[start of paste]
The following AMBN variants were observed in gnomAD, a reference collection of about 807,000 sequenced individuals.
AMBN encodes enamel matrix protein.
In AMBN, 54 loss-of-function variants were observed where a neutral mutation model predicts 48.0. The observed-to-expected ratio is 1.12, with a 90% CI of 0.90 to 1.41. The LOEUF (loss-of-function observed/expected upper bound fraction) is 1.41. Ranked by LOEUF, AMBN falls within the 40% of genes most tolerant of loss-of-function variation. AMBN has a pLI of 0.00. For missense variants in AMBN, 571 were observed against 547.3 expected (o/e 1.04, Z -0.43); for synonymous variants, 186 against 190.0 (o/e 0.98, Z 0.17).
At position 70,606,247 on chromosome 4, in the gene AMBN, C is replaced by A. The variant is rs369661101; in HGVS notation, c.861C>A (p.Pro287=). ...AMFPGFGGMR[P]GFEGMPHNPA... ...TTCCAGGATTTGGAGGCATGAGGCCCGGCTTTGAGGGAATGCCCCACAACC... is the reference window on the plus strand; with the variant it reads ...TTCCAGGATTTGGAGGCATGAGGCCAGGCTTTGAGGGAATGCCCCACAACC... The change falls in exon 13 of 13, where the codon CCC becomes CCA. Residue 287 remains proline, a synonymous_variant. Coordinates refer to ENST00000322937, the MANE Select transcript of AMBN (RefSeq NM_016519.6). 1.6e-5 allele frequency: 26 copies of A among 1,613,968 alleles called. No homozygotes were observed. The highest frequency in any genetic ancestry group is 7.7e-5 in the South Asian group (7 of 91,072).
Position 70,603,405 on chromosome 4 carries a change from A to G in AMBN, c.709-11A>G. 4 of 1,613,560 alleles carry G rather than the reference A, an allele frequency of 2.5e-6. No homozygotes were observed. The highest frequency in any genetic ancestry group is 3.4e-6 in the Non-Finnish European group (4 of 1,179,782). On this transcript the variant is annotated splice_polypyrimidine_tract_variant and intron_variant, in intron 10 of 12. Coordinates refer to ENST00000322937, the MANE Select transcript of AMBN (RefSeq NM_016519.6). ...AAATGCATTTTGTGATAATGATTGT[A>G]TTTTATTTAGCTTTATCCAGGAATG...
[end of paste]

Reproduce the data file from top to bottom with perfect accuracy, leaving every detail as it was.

The following AMBN variants were observed in gnomAD, a reference collection of about 807,000 sequenced individuals.
AMBN encodes enamel matrix protein.
In AMBN, 54 loss-of-function variants were observed where a neutral mutation model predicts 48.0. The observed-to-expected ratio is 1.12, with a 90% CI of 0.90 to 1.41. The LOEUF (loss-of-function observed/expected upper bound fraction) is 1.41. Ranked by LOEUF, AMBN falls within the 40% of genes most tolerant of loss-of-function variation. AMBN has a pLI of 0.00. For missense variants in AMBN, 571 were observed against 547.3 expected (o/e 1.04, Z -0.43); for synonymous variants, 186 against 190.0 (o/e 0.98, Z 0.17).
At position 70,606,247 on chromosome 4, in the gene AMBN, C is replaced by A. The variant is rs369661101; in HGVS notation, c.861C>A (p.Pro287=). ...AMFPGFGGMR[P]GFEGMPHNPA... ...TTCCAGGATTTGGAGGCATGAGGCCCGGCTTTGAGGGAATGCCCCACAACC... is the reference window on the plus strand; with the variant it reads ...TTCCAGGATTTGGAGGCATGAGGCCAGGCTTTGAGGGAATGCCCCACAACC... The change falls in exon 13 of 13, where the codon CCC becomes CCA. Residue 287 remains proline, a synonymous_variant. Coordinates refer to ENST00000322937, the MANE Select transcript of AMBN (RefSeq NM_016519.6). 1.6e-5 allele frequency: 26 copies of A among 1,613,968 alleles called. No homozygotes were observed. The highest frequency in any genetic ancestry group is 7.7e-5 in the South Asian group (7 of 91,072).
Position 70,603,405 on chromosome 4 carries a change from A to G in AMBN, c.709-11A>G. 4 of 1,613,560 alleles carry G rather than the reference A, an allele frequency of 2.5e-6. No homozygotes were observed. The highest frequency in any genetic ancestry group is 3.4e-6 in the Non-Finnish European group (4 of 1,179,782). On this transcript the variant is annotated splice_polypyrimidine_tract_variant and intron_variant, in intron 10 of 12. Coordinates refer to ENST00000322937, the MANE Select transcript of AMBN (RefSeq NM_016519.6). ...AAATGCATTTTGTGATAATGATTGT[A>G]TTTTATTTAGCTTTATCCAGGAATG...